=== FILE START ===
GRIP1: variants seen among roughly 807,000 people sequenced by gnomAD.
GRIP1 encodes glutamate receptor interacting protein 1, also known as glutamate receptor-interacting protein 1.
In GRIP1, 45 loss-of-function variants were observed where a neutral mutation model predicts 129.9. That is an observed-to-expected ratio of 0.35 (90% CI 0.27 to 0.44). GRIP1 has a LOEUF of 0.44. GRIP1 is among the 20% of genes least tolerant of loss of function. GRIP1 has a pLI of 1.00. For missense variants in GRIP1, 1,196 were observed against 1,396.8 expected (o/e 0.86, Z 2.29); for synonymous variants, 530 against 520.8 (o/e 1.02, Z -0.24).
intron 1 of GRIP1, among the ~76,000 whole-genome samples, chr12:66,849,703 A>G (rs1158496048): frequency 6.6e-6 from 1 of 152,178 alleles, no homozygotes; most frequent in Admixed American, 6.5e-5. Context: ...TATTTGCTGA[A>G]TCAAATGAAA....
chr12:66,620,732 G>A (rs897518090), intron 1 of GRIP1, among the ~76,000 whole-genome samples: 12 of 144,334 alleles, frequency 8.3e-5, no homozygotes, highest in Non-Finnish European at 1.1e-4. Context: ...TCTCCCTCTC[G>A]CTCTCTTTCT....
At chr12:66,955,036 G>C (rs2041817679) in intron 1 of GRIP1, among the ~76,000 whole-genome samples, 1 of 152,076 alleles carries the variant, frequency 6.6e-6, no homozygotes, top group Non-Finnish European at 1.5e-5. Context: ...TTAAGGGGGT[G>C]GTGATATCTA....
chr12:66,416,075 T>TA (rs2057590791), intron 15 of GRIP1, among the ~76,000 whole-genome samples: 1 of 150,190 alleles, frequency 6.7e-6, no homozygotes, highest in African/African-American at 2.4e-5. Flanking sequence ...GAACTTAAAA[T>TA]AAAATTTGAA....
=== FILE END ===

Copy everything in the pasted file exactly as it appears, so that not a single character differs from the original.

GRIP1: variants seen among roughly 807,000 people sequenced by gnomAD.
GRIP1 encodes glutamate receptor interacting protein 1, also known as glutamate receptor-interacting protein 1.
In GRIP1, 45 loss-of-function variants were observed where a neutral mutation model predicts 129.9. That is an observed-to-expected ratio of 0.35 (90% CI 0.27 to 0.44). GRIP1 has a LOEUF of 0.44. GRIP1 is among the 20% of genes least tolerant of loss of function. GRIP1 has a pLI of 1.00. For missense variants in GRIP1, 1,196 were observed against 1,396.8 expected (o/e 0.86, Z 2.29); for synonymous variants, 530 against 520.8 (o/e 1.02, Z -0.24).
intron 1 of GRIP1, among the ~76,000 whole-genome samples, chr12:66,849,703 A>G (rs1158496048): frequency 6.6e-6 from 1 of 152,178 alleles, no homozygotes; most frequent in Admixed American, 6.5e-5. Context: ...TATTTGCTGA[A>G]TCAAATGAAA....
chr12:66,620,732 G>A (rs897518090), intron 1 of GRIP1, among the ~76,000 whole-genome samples: 12 of 144,334 alleles, frequency 8.3e-5, no homozygotes, highest in Non-Finnish European at 1.1e-4. Context: ...TCTCCCTCTC[G>A]CTCTCTTTCT....
At chr12:66,955,036 G>C (rs2041817679) in intron 1 of GRIP1, among the ~76,000 whole-genome samples, 1 of 152,076 alleles carries the variant, frequency 6.6e-6, no homozygotes, top group Non-Finnish European at 1.5e-5. Context: ...TTAAGGGGGT[G>C]GTGATATCTA....
chr12:66,416,075 T>TA (rs2057590791), intron 15 of GRIP1, among the ~76,000 whole-genome samples: 1 of 150,190 alleles, frequency 6.7e-6, no homozygotes, highest in African/African-American at 2.4e-5. Flanking sequence ...GAACTTAAAA[T>TA]AAAATTTGAA....